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PREVIEW ASCOT SATURDAY JULY 25, 2015 CH4 LIVE:
3.50 KING GEORGE V1 AND QUEEN ELIZABETH STAKES GROUP 1 ASCOT:
|3:50||ASC||King George VI And Queen Elizabeth Stakes (Sponsored By Qipco) (British Champions Series) (Group 1) Cl1 1m4f CH4|
Ascot SATURDAY, 25 JULY 2015
- Runners: 31
- Distance: 1m4f
- Going: Good
- Channel: CH4
£1,150,000 guaranteed For 3yo+ Weights 3yo colts & geldings 8st 9lb; fillies 8st 6lb; 4yo+ colts & geldings 9st 7lb; fillies 9st 4lb; southern hemisphere allowance: 4yo 4lb Entries 31 pay £ 3500 Confirmed 11 pay £ 2000
|NO. DRAW |
|TS||ODDS ODDS ODDS ODDS ODDS ODDS ODDS ODDS ODDS ODDS ODDS|
|1 964-11||CLEVER COOKIE ||7|
|2 811-11||DYLAN MOUTH ||4|
|3 414-42||EAGLE TOP ||4|
|4 1-2232||FLINTSHIRE ||5|
|5 11-233||POSTPONED ||4|
|6 72-134||ROMSDAL ||4|
|7 237-11||SNOW SKY ||4|
|8 34-216||TELESCOPE ||5|
|9 511-14||THE CORSICAN ||4|
|10 1061-5||MADAME CHIANG ||4|
|11 1-1111||GOLDEN HORN ||3|
|13||1-1111||Golden Horn21||3||8-9||John Gosden|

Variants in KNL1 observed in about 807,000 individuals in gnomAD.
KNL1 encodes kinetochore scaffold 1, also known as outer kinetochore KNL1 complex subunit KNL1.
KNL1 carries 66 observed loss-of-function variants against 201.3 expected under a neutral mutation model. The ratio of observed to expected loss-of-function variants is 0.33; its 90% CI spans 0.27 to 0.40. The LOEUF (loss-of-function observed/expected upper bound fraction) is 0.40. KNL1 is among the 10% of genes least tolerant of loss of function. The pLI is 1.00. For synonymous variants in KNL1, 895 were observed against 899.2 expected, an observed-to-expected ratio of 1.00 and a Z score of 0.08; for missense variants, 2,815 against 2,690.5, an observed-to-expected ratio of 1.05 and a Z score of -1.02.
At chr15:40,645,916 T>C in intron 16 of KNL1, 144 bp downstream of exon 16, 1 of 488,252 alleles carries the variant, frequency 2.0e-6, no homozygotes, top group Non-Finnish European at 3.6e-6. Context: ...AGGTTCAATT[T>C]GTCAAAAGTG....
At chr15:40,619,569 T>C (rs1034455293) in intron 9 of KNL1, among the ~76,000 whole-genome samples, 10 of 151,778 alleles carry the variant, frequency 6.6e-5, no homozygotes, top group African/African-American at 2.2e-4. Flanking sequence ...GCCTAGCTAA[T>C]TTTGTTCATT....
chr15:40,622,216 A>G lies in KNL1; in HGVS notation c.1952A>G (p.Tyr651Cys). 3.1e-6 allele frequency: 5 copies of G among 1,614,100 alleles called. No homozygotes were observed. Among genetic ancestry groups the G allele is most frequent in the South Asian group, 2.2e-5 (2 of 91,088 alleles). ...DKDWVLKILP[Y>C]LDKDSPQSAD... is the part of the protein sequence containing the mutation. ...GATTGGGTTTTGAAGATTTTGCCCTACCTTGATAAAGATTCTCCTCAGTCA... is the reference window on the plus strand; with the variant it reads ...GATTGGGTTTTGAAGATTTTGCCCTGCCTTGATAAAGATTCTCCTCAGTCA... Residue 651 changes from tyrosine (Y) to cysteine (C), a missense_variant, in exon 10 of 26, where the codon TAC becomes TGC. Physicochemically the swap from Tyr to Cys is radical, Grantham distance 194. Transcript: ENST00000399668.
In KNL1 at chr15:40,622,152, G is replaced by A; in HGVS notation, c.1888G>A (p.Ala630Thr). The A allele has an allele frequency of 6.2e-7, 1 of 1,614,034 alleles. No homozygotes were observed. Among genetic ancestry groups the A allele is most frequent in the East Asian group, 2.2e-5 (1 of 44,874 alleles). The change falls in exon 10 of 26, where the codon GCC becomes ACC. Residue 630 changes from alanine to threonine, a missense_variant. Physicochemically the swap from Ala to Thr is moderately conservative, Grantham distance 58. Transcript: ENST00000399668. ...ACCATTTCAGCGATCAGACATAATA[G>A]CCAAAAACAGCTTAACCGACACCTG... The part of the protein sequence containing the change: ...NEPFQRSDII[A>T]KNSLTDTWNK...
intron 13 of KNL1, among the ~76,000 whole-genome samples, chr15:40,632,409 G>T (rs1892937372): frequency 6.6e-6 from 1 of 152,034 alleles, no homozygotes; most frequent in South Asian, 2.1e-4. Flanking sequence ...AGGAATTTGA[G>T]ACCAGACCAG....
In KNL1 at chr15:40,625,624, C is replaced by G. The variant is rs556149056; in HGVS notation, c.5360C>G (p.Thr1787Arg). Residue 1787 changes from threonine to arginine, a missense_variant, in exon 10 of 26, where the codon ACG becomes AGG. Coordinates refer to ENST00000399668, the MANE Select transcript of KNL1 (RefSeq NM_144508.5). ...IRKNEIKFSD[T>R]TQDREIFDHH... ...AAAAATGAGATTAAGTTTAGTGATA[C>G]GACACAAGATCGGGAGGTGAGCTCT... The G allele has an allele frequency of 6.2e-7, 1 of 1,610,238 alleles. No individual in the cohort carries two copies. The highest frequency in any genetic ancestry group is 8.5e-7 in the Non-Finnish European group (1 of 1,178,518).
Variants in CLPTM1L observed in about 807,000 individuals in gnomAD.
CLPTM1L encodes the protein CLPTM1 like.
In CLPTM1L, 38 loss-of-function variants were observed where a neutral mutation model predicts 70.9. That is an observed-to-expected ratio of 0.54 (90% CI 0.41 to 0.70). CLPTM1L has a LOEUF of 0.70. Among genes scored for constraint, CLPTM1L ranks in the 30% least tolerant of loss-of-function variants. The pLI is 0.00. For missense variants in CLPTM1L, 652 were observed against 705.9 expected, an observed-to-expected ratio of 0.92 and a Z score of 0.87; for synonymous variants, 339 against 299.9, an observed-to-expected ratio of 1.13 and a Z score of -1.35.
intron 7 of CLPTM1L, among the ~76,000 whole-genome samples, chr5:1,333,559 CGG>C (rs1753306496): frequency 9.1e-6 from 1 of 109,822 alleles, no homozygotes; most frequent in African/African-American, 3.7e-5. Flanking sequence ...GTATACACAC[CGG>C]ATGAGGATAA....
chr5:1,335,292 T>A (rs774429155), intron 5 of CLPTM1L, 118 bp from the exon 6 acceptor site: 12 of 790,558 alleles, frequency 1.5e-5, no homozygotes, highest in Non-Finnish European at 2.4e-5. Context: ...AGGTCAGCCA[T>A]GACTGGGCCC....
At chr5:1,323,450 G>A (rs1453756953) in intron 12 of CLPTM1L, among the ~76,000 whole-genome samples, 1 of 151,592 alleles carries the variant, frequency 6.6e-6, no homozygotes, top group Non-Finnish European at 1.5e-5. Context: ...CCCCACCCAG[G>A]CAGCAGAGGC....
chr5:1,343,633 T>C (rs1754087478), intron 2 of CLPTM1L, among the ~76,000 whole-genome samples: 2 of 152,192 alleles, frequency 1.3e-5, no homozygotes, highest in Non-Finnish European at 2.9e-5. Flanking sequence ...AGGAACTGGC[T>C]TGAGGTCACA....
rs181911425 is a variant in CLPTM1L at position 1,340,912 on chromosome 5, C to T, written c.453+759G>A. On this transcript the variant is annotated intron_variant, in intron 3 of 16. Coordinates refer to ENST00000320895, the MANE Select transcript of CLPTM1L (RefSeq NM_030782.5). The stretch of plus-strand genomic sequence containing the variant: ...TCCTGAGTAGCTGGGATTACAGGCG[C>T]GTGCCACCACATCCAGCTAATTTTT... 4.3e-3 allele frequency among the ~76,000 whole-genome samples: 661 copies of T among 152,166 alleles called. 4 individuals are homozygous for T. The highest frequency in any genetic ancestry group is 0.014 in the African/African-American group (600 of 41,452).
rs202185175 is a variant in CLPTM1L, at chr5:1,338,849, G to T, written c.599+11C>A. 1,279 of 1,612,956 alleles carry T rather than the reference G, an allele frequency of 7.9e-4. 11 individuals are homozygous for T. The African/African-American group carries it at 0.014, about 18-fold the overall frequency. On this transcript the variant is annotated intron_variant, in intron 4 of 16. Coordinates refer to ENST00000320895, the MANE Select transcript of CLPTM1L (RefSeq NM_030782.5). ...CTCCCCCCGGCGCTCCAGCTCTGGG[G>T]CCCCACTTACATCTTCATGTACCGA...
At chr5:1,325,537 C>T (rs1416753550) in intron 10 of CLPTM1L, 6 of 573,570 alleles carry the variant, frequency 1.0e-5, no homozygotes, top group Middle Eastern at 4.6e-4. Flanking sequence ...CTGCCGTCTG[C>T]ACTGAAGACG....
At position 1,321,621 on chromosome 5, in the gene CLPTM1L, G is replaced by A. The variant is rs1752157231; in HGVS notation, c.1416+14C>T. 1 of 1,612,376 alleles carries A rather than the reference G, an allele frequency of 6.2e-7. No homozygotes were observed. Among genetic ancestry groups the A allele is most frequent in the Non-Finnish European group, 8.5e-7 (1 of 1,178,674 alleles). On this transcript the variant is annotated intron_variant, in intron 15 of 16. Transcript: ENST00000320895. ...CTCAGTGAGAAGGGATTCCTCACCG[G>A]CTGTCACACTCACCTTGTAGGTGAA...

JMC: FRANKIE, JOHNNY AND GOLDEN HORN WIN THE BRITISH INVESTEC DERBY EPSOM
ON SATURDAY JUNE 6, 2015.
RPSUNDAY JULY 19
THE BIG READ
Alastair Down talks to John Gosden, Ace Global Flat Turf Trainer (GB)
“Back in January to the outsider Gosden was facing some challenges.
"Last year’s stars Kingman and Taghrooda had been retired. William Buick – other than Frankie the only jockey Gosden has ever retained – had flown the nest to Godolphin, and beyond the boundaries unaware of Clarehaven nobody knew a great deal about the three year old colt Golden Horn, who had scraped home by a head on his debut run in a two year old maiden at Nottingham last October.
“Favourite and runner up that October day was Storm The Stars, who has twice been Derby-placed with only Gosden horses ahead of him.
“But Golden Horn was not an angel being entertained unawares and, in a remark as revealing as any could be about the Derby winner’s quality and Gosden’s long- honed wisdom and prescience, he says: “When Kingman retired I had no hesitation putting Golden Horn in his box.”
“Then on January 11 Gosden broke his pelvic in three places when skiing in Yellowstone Park, Montana. “He says: “It wasn’t Yogi Bear’s fault, it was all mine. I was going far too fast.
“It was the first morning of the holiday and the third run. And on this occasion Gosden, no mug when seeking a mark, got himself handicapped well and truly.
“HE SAYS: “Rachel was away for the day, so she wasn’t there to tell us to behave. I said to the boys ‘ last one down the mountain is a cissy’ and as I was flying through the air I said to myself ‘idiot.’